Oblique is typeface that is skewed or slanted. Unlike italic, oblique type has not been redesigned to mimic a handwriting style. Rather the type has simply been slanted to the right. [11].

Few font families will have both an oblique and an italic font option, though sometimes oblique fonts are marked as italic by the designer of the font.

As a general rule on maps, the smaller the point size of a font, the more condensed and difficult it becomes to read. In the example of labeling a globe, ocean features are generally italicized to give an obvious discernment. In cartographic conventions, natural features are labeled in italics such as the aforementioned ocean features on globes.


Main Article: Font

Here are three examples of weight: light, normal, and bold

The weight of a font refers to the thickness of the character's outlines relative to their height. These weights are assigned by the user or by the software itself. Typeface can come in many different weights such as ultra-light, extra-bold, bold, or black. Four to six weight is normal to have in a typeface, but it is not uncommon that more exists in others. The amount of weight increased must be proportional to the size of the letter. If not, the shape can become unclear and the letter becomes an indistinct blob. Weight is important because it involves the difference between bold and regular contrast. The type weight provides additional emphasis to text of the cartographer's choosing. Bold text draws the eyes of the audience to pronounce certain information.

When referring to weight, there are many names that are used to describe weight in each typeface. The list usually follows an order such as thin, ultra-light, extra-light, light, book, normal, medium, demi, bold, extra-bold, heavy, black, extra black, and ultra. However, when working with different typefaces you must recognize that this classification is not standard and differences may appear in the actual number of typefaces, or value/weight they give each of their typefaces.

In order to determine the weight of text to use on a map, it is necessary to consider the importance of the feature being labeled within the context of the map's purpose. Since heavier weighted texts tend to draw more attention, it is generally not advisable to label features from the map's reference layer (background information) in heavy weights. Rather, the weight of text should follow a somewhat hierarchical organization. Consider a map of a national park, for example. The heaviest type would best be used for features such as the title. Somewhat lighter fonts would be used for features such as major attractions within the park, entrance points, ranger stations, and other locations that the majority of readers would need to find easily on the map. Lighter weight text would be used for labeling features such as rivers, less popular trails, mountain tops, and other elements that the map user would likely be interested in, but not as the first message they get out of the map. Finally, the lightest weight text in the map should be used in areas that are meant strictly for reference, for example, the labeling of a state adjacent to the park or labeling a lake, river, or other feature located outside of the park boundaries. Combined with the mindful usage of other typographic elements, the proper use of weight in typography can ensure that a map conveys its intended message, and can assist the map reader to effortlessly gain the information they need.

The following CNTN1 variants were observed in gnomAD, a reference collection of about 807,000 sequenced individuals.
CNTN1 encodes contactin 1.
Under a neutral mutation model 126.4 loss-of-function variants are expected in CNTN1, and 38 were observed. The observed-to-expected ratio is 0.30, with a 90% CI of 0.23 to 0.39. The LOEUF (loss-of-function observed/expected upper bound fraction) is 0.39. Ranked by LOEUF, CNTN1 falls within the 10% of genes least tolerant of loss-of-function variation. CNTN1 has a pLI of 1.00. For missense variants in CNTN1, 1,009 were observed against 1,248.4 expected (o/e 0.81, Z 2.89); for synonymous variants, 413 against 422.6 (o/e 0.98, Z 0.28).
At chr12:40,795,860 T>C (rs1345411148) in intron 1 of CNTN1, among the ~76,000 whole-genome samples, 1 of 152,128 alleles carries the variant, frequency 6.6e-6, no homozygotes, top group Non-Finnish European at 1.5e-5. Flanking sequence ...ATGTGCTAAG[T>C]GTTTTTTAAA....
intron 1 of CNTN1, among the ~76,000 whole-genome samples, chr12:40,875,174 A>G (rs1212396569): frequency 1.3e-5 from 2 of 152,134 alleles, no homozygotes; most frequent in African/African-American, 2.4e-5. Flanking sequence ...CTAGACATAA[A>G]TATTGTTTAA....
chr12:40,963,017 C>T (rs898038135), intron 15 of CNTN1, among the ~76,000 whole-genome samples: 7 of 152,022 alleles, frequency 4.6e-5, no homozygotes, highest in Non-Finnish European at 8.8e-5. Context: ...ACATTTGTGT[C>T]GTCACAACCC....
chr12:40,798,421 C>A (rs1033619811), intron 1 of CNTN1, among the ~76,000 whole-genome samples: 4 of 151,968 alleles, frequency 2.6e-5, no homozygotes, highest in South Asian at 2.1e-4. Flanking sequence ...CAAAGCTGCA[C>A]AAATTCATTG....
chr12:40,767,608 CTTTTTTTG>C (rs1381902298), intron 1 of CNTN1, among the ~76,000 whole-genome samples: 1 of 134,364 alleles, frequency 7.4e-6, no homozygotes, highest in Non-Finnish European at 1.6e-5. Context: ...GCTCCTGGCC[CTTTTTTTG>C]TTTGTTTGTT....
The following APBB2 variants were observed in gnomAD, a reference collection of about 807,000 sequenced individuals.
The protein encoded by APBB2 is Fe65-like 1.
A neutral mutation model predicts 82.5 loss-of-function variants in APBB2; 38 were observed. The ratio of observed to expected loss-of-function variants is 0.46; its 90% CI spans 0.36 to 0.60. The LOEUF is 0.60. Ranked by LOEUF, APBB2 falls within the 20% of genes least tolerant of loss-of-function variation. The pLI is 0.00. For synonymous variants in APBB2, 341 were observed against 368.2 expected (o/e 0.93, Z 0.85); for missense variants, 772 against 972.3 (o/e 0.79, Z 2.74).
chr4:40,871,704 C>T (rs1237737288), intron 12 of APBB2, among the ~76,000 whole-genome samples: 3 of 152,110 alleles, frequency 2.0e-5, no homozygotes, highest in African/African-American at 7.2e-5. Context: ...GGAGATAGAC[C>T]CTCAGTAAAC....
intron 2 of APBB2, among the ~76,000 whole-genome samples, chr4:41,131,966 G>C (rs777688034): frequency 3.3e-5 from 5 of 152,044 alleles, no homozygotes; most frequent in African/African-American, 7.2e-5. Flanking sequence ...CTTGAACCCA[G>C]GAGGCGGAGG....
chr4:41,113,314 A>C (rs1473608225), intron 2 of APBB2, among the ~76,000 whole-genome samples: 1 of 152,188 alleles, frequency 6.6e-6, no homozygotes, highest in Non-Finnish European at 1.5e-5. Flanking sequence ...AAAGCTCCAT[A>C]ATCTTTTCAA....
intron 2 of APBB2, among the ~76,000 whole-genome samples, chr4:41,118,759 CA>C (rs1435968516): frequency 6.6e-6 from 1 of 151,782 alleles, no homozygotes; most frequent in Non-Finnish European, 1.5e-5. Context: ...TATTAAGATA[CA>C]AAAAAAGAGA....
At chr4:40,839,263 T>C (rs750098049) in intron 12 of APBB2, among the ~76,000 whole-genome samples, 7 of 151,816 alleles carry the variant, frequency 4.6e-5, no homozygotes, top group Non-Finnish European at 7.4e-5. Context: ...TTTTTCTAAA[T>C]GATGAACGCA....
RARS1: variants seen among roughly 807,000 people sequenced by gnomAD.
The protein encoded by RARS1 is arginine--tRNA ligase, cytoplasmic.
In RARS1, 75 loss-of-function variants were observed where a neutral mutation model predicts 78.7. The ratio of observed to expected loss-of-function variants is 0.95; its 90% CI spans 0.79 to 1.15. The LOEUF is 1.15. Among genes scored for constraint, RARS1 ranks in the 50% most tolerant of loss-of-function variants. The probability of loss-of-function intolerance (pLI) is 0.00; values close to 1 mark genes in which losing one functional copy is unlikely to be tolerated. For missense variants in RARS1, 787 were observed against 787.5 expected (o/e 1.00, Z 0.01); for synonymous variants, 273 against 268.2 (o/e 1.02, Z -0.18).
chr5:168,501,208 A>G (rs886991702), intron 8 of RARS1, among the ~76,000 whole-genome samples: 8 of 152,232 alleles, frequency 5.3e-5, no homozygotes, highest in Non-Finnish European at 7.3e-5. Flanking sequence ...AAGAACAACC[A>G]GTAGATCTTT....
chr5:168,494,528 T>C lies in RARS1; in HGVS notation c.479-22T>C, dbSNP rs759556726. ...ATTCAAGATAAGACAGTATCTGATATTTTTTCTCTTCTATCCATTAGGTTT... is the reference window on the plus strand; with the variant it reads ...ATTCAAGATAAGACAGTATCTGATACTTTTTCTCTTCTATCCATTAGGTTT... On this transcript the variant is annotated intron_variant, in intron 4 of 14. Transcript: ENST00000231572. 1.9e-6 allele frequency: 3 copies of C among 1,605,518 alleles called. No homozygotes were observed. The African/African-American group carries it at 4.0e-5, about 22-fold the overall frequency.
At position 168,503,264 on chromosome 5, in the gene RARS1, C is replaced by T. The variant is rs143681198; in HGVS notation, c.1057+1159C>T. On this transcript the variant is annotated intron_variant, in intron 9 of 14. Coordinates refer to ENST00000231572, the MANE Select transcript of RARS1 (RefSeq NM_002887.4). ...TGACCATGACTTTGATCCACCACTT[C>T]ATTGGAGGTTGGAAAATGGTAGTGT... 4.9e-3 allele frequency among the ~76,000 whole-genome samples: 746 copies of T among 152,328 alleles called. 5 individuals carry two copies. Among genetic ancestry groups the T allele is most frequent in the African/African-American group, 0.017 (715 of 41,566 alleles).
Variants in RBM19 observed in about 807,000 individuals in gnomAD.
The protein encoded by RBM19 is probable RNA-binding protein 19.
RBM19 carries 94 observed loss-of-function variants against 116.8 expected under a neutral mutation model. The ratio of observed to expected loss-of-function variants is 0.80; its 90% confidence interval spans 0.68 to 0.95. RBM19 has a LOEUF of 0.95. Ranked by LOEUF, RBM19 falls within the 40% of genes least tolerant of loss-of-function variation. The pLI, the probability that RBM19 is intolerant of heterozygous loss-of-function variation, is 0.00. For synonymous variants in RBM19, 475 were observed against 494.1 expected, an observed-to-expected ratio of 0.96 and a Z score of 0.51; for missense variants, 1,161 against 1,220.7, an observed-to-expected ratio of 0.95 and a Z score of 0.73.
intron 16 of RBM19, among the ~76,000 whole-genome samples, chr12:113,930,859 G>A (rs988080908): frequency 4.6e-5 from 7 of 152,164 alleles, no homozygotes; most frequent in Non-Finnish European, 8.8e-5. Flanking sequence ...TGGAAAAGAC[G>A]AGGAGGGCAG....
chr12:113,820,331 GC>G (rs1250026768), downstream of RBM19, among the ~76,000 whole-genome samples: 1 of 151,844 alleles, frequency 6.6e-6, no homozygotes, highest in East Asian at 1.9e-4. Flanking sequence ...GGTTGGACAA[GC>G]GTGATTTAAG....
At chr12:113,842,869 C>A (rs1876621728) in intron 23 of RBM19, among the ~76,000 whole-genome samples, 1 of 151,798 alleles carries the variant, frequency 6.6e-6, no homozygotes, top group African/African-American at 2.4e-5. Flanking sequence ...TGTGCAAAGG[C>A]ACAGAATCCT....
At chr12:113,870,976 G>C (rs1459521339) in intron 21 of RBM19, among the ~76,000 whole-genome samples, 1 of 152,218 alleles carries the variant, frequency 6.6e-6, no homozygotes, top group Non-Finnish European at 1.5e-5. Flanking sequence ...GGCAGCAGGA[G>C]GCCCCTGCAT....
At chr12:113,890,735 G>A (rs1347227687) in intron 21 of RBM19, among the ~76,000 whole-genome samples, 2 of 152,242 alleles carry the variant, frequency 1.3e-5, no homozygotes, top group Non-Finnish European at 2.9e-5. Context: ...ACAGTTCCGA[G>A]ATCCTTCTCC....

The type size of fonts stresses the importance and emphasis of the intended map. Fonts are often measured in points. A larger size implies more importance or a greater relative quantity; smaller denotes less importance or less quantity. For example, maps of Oregon generally label the city of Portland in a larger size than Tillamook, since Portland is many times larger in population and is a cultural and economic hub of the state. For design purposes, text using a size of less than 6 point is difficult to read. Similarly, text that is larger than 26 point is too cumbersome for a standard-size paper format. For titles, a font larger than 10 point generally allows for a good working title. Also, a difference of at least 2 points between type sizes is recommended to allow the audience to see subtle changes. This helps give the map a clear visual hierarchy, clearly distinguishing the most important features from less important or reference features.

Type Measurement

Type measurements from 1 to 12 and their relationships to a pica in Times New Roman font.

Typeface is typically measured in points. A point is the smallest unit of measure in typography (Point). In the most commonly used point system[12], 72 points make up one inch, thus one point is 1/72 of an inch [13]. A standard 12pt. font means that the font size is approximately 12/72 or 1/6 of an inch. A "pica" is a larger unit in typography([2]). A pica is made up of 12 points, making it 1/6 of an inch or, 1/72 of a foot. This means that one pica is equivalent to 12 point units of measurement. Pica can be abbreviated as pc or P/. Picas are most commonly used for horizontal measurements like margin or column width[14]. It would also be appropriate to work with pica units as opposed to point units when creating very large maps intended to be hung on a wall or similar projects. Currently, the most widely used point system is the DTP point or Desktop Publishing Point.